I recently joined a group from MOVE that goes to visit a ranch in the village every Tuesday evening. At the ranch, the different families come out to have worship and learn more about the Bible. Most of them cannot read, none have much money, the majority of the kids do not have properly fitting clothes, but they do have something else: a desire to know Jesus. A few Sabbaths ago, we had an evening worship at the ranch with this family. With the families from the ranch and the few church members that came from the local churches, we had a total of 32 kids and 25 adults! The adults did a Bible study while the kids enjoyed a plethora of activities. We sang, played games, listened to stories, and did crafts together. The craft was one of those “one man’s trash another man’s treasure” deals. We took an oat canister, cut it in half, and glued paper on it. (One little girl loved it so much that, the following Tuesday, when I was at the ranch, she told me, with much pride, about her precious treasure.)  It was a great blessing to see so many people praising God’s name at the close of a wonderful Sabbath.

To be 100% honest, I sometimes feel like I fall into the category of “one man’s trash.” This is the result of sin in my life. Satan likes to pester those who have fallen into sin by tricking them into believing that the Savior has no interest in them because of the transgression. He uses the guilt factor to convince us that we are not worth anything and it would be better to give up to defeat and fall into his ranks. Unfortunately, many people fall into this trap and never come out of it. They believe that they cannot return to church because of a wrongdoing. They fear the shame of being found out as a sinner by a brother in the congregation. However, this is exactly the work that Jesus came to the earth to do: dig through this big trash pit of an earth to find His treasures. He only creates treasures. Sometimes those treasures get stains and a little damage, but that never means they become trash. “As you see the enormity of sin, as you see yourself as you really are, do not give up to despair. It was sinners that Christ came to save.” (Finding Peace Within 28) Never give up!

Tuesday, February 16, 2016

My Mission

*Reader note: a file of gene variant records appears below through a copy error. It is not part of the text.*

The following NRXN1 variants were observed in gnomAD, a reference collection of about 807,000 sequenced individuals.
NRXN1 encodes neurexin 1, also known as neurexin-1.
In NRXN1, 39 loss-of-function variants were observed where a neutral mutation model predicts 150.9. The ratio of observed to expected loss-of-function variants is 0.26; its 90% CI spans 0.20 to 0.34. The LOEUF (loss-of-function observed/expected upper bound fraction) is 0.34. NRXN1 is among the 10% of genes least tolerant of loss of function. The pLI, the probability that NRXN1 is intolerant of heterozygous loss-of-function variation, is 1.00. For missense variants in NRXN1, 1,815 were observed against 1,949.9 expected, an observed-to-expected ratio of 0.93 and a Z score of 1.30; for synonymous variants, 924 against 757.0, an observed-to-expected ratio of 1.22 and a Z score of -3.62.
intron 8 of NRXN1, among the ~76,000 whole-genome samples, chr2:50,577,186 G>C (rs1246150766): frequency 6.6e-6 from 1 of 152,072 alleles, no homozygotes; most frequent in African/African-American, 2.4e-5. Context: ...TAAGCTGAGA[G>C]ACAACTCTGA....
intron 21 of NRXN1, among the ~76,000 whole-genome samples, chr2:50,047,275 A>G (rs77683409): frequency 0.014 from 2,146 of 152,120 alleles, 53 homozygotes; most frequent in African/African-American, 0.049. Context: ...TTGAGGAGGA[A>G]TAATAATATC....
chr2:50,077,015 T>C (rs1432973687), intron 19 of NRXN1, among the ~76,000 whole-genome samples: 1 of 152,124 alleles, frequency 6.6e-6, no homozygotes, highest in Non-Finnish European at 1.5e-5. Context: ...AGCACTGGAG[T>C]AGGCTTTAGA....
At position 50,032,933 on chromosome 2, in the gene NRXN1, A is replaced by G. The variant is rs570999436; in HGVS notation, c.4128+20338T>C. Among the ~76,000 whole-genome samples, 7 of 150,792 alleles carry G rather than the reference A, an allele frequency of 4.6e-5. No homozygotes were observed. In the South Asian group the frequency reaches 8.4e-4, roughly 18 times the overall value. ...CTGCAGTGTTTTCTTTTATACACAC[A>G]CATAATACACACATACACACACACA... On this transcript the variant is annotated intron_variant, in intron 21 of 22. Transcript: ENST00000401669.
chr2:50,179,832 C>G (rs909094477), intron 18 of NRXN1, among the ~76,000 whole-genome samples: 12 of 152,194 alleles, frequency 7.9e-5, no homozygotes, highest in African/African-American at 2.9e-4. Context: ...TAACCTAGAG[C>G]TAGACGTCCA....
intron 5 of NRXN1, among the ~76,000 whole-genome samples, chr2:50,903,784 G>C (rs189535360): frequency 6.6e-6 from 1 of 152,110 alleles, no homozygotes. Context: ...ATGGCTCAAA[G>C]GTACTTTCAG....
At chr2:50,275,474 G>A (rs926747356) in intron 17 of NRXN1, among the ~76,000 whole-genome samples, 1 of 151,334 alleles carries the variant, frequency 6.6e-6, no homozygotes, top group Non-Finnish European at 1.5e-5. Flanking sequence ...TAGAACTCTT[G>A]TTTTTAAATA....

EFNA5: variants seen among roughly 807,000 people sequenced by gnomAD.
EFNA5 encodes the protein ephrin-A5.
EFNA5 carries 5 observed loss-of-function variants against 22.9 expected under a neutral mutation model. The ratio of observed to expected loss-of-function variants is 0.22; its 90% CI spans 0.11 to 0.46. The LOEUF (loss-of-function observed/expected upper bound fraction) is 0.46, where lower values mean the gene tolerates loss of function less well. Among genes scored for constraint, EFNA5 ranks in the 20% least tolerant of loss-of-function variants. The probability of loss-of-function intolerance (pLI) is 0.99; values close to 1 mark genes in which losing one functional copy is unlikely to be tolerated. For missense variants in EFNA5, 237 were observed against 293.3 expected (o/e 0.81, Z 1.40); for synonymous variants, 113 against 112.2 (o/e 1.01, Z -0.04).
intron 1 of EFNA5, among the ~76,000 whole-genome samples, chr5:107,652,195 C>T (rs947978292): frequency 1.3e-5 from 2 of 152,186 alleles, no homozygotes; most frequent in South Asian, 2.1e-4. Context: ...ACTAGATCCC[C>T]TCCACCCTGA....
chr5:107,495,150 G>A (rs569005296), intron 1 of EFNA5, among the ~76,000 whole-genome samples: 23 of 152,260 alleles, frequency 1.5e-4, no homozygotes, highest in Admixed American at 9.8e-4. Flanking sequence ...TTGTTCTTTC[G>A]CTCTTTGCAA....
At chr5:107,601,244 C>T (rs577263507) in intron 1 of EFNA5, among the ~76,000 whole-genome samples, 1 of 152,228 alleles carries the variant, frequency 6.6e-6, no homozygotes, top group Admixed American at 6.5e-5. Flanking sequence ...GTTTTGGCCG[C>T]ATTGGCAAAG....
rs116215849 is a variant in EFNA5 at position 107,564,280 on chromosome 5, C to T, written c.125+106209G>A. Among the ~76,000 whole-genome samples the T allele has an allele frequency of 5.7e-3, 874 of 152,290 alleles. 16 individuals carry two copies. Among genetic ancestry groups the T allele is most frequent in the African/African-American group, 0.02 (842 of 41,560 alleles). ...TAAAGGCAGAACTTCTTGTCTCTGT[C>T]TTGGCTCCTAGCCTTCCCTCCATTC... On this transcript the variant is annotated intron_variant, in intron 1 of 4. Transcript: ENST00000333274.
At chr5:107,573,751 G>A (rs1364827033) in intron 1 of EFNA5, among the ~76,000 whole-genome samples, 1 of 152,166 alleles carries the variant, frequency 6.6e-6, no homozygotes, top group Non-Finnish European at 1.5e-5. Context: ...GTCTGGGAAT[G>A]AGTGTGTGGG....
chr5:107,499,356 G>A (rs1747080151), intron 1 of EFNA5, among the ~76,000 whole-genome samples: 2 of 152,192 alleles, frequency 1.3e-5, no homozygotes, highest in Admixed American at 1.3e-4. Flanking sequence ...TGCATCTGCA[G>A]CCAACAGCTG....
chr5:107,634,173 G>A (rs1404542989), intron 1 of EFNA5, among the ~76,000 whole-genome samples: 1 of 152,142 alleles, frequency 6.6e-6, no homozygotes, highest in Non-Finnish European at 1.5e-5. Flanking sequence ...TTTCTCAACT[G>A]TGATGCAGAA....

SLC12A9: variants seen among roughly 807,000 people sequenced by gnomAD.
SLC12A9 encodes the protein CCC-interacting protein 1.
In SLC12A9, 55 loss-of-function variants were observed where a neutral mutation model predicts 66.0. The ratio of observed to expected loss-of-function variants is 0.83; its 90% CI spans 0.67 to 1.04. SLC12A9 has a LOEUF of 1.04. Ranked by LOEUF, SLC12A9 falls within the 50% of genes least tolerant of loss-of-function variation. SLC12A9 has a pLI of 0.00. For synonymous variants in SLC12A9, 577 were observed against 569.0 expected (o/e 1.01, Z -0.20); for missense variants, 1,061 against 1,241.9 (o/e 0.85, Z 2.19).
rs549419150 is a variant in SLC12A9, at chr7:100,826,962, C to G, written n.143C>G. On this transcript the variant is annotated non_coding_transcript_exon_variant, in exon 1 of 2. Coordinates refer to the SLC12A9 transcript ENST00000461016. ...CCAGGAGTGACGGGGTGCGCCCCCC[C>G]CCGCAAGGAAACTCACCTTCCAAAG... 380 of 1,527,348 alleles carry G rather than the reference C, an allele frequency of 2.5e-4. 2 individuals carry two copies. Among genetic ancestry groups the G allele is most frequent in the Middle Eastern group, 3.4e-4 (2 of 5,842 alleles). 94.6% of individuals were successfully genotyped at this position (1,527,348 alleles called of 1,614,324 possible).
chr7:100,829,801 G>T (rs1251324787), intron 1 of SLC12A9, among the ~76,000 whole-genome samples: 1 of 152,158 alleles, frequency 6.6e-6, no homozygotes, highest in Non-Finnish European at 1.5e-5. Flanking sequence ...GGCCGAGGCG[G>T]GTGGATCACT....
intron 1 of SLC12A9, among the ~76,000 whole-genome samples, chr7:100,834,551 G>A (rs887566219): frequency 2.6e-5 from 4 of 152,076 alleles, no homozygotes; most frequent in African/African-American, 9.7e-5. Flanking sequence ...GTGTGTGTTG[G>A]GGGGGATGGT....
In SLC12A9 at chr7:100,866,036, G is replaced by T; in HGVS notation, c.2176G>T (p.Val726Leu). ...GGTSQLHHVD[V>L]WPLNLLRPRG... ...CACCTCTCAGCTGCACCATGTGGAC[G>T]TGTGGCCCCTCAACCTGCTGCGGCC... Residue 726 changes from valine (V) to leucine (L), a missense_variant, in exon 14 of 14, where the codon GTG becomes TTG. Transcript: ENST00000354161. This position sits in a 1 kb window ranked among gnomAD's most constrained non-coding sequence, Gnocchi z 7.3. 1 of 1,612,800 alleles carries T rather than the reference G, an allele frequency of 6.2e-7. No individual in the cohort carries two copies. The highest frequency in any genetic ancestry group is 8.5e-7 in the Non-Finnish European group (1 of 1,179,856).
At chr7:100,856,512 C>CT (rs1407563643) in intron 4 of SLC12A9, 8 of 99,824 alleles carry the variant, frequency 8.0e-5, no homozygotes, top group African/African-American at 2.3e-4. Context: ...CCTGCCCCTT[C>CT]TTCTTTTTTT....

I recently arrived back home (Belize) from a month and a half in the USA. What relief I feel every time I come back from traveling and can sleep in my own bed; I think this is a common feeling among travelers. It really is a delight to be in a place with my other family. However, part of me sometimes wonders if I am making the right decision with my life. I know that not everyone agrees with the choice I have made to serve as a missionary, but I cannot help but continue doing this work. Every person is born into God’s kingdom as a missionary (that includes you and me). There is, however, different jobs that God calls us to do in His service. Some He calls to be doctors, others dentists, others teachers and administrators, and even some others to be mechanics. After saying that, I want to say that I am privileged to be none of the above. I can’t even really describe what I do in a single job description. Certain days, I have to be the nurse. Some days I end up being the mechanic (not much gets fixed those days). Other days I feel like a mom. I don’t think a single day goes by that I don’t do something for which I am under qualified. But that is the beauty of it all: God uses the under qualified to do His work just as much as the qualified. This may be a stumbling block for some who firmly believe in organized education, but I think that God’s training can be received in many other places. So, you may be asking, what is my real mission? Teach. He is asking me to teach people about His love for them. Whether I do that while putting a Band-Aid on a student’s arm, or buying 80 bags of cement, or cutting the grass, He is beckoning me to do it all in His love. Oddly enough, I am not the only one He has called to do this. Remember how everyone is born as a missionary into God’s kingdom, and He sends this message to all of His missionaries. So if you are studying medicine, working on a farm, taking care of others, or stocking the shelves at a grocery store, God is calling you to do it for love. I pray that whatever mission field you have been called to you can remember the purpose and mission. Do not be discouraged by the devil’s lies. God has called you to a special mission and He will not let you fall out of His loving arms.